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Spotlight spirits and traditions director resigns

Submitted by Spotlight Programs Board

As Georgia State winds down from an energetic Homecoming week, it hasn’t left the mind of the man who planned it all. Brandon Byrd, the spirits and traditions director for Spotlight Programs Board, was the lead organizer for the event. He resigned from the influential campus organization on Oct. 30 at 3 p.m.

Of course, several other Spotlight members contributed to Homecoming week in some way shape or form, but it was Byrd who helped personally coordinate almost every event of the week, as he told The Signal last month. 

So, if Homecoming week was a crowd-pulling success, why would Byrd resign from his position?

“For one, the pay at Spotlight is not worth everything that we do,” Byrd said. 

Board members receive a $400 monthly stipend for their position, but as he explains, if the hours spent doing Spotlight-related work were to be calculated, the pay received would be under minimum wage.

“Yes, we know what we signed up for, but sometimes, the cons outweigh the pros,” he said. “There is a struggle in balancing Spotlight and finding other means to make money and survive.”

Byrd echoed what Franklin Patterson, the former university-wide president of the Student Government Association, told The Signal last school year: There are power struggles between the administration and the students in organizations, specifically, Byrd and Patterson both said, with Gail Sutton and Boyd Beckwith, two faculty members who are involved in both SGA and Spotlight.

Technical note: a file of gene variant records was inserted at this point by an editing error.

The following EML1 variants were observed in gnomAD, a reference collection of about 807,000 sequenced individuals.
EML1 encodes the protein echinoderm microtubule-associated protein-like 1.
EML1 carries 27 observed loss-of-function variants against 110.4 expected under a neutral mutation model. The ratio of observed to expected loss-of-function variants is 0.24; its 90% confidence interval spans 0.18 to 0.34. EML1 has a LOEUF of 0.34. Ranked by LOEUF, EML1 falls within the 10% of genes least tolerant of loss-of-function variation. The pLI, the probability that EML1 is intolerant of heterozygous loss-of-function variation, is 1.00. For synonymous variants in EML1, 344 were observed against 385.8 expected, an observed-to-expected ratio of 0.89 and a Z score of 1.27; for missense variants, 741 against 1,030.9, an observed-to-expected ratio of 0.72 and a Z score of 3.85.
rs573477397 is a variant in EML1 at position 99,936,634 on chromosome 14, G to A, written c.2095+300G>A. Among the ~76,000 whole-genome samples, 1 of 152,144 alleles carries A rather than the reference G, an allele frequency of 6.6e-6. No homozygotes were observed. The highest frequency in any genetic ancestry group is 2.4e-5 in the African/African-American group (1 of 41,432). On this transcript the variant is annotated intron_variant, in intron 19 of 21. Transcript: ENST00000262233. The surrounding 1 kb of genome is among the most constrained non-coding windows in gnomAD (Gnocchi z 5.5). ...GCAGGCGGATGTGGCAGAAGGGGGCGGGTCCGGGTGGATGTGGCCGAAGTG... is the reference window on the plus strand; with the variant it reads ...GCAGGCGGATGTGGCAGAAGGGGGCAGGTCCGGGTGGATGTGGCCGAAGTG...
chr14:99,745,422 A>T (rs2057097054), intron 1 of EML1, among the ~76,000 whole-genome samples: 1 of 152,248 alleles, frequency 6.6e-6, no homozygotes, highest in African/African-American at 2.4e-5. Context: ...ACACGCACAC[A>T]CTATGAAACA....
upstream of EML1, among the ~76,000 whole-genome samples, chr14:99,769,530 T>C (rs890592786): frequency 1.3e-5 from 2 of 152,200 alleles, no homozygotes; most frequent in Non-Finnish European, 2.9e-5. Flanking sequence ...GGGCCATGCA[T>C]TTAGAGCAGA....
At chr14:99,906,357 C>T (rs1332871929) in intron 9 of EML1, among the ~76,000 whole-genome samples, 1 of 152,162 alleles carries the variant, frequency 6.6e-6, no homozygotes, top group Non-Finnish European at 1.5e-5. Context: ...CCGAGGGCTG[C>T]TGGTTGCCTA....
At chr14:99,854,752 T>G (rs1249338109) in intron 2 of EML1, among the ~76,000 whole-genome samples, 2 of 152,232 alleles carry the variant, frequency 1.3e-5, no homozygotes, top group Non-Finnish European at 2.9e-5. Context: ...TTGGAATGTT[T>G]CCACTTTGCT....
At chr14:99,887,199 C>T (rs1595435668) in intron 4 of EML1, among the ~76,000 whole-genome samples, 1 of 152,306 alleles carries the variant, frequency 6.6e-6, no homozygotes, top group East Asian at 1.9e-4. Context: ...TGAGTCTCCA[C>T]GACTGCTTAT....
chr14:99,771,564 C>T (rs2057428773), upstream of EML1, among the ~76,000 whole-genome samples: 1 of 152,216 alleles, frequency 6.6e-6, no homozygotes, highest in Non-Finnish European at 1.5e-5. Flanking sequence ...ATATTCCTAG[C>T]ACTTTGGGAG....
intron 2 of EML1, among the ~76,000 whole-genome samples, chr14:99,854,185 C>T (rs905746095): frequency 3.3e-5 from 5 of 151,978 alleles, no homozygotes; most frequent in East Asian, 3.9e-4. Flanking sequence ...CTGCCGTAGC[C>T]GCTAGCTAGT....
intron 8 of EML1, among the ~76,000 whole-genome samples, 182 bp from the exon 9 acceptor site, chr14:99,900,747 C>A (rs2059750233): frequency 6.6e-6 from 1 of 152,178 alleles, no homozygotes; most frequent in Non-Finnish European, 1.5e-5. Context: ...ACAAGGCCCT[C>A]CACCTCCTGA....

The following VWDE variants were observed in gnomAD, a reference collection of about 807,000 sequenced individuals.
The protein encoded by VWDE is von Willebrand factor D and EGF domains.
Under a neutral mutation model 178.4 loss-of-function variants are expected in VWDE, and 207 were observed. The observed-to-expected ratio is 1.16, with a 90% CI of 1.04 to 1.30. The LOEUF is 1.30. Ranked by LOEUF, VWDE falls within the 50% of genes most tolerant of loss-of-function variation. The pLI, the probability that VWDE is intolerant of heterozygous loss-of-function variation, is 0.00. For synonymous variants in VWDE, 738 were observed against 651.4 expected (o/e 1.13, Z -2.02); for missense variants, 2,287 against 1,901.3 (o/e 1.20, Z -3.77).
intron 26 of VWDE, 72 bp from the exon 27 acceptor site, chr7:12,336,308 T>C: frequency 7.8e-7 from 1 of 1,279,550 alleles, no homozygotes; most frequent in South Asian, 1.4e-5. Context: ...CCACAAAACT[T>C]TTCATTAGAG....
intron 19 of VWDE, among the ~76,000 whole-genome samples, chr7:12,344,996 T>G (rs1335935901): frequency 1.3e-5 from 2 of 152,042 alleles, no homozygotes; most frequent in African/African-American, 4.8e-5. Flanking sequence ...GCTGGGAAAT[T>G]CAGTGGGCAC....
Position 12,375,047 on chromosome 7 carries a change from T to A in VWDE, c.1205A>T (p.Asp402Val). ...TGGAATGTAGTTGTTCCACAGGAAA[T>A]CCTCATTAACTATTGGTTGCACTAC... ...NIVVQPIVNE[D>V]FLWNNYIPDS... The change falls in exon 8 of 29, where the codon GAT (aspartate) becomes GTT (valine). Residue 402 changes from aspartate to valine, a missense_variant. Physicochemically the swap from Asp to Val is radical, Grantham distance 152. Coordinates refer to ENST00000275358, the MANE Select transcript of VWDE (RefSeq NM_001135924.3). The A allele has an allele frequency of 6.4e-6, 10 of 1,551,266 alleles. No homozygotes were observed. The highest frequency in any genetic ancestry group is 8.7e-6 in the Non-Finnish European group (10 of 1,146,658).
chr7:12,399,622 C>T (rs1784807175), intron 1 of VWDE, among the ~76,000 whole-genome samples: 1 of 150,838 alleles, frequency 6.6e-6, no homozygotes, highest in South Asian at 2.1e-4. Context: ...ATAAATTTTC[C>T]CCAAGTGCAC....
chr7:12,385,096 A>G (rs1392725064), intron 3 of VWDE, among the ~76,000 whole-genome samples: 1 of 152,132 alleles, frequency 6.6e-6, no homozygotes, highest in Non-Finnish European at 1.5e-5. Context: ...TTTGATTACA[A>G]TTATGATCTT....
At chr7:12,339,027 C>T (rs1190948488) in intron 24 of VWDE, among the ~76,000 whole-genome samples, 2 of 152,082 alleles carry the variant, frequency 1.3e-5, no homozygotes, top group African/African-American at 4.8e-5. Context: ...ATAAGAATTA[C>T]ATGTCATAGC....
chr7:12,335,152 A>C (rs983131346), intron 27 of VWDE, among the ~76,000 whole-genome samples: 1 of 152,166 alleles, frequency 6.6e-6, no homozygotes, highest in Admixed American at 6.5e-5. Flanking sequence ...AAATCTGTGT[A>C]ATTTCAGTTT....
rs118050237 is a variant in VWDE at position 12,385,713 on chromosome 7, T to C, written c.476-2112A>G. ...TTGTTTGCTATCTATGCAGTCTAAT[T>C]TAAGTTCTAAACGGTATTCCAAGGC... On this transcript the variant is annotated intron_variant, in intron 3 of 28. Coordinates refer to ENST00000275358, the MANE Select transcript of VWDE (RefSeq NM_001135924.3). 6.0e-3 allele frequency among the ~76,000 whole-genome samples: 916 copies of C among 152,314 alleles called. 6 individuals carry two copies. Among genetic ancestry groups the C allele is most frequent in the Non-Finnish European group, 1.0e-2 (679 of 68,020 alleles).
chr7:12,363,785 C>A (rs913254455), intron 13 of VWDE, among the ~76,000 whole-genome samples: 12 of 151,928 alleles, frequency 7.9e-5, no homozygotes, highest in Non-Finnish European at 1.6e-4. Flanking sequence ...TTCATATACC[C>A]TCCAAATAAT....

After an incident between a faculty member and Byrd, in which Byrd said he felt that “safety was threatened, especially on the job,” he filed an official report to employee relations. According to Byrd, Beckwith and Sutton did not hesitate to deny his claims, despite the fact it was intended to be an unbiased “investigation.”

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“It was as if they made a decision to choose faculty’s side before I even said anything,” he said.

The status of the report is currently unknown to Byrd.

As mentioned before, retention and engagement with events had been decreasing in previous years. On multiple occasions, Byrd said he tried to present innovative ideas to reverse this but would regularly get shut down by Beckwith and Sutton without any explanation.

“It’s as if student leader opinions aren’t valued, and they think we aren’t capable of making big decisions,” Byrd said. “[With] upper leadership and how they run the department … I believe the department is, for one, self-sabotaging. There are a lot of decisions that are made without our input — and those are our events.”

When situations similar to these occur, Byrd said there is no safe space for student leaders to hold faculty members accountable. In fact, there is no space at all, he said. Messages are passed through advisers, leading to no direct opportunities for students to express how they feel to faculty. 

The same could be said the other way around. 

For instance, Byrd, who began working on Homecoming events since April, said he received little to no recognition from faculty members. He said the only form of gratitude shown consisted of one email from Sutton simply saying “kudos.”

“There was no appreciation shown whatsoever, and you just don’t feel valued,” he said. “I feel like I was used, basically.”

Byrd is satisfied with how Homecoming week turned out because he thinks he did all he could do.

“Regarding resigning, I don’t feel bad or sad because I know what I came to achieve I got done,” Byrd said.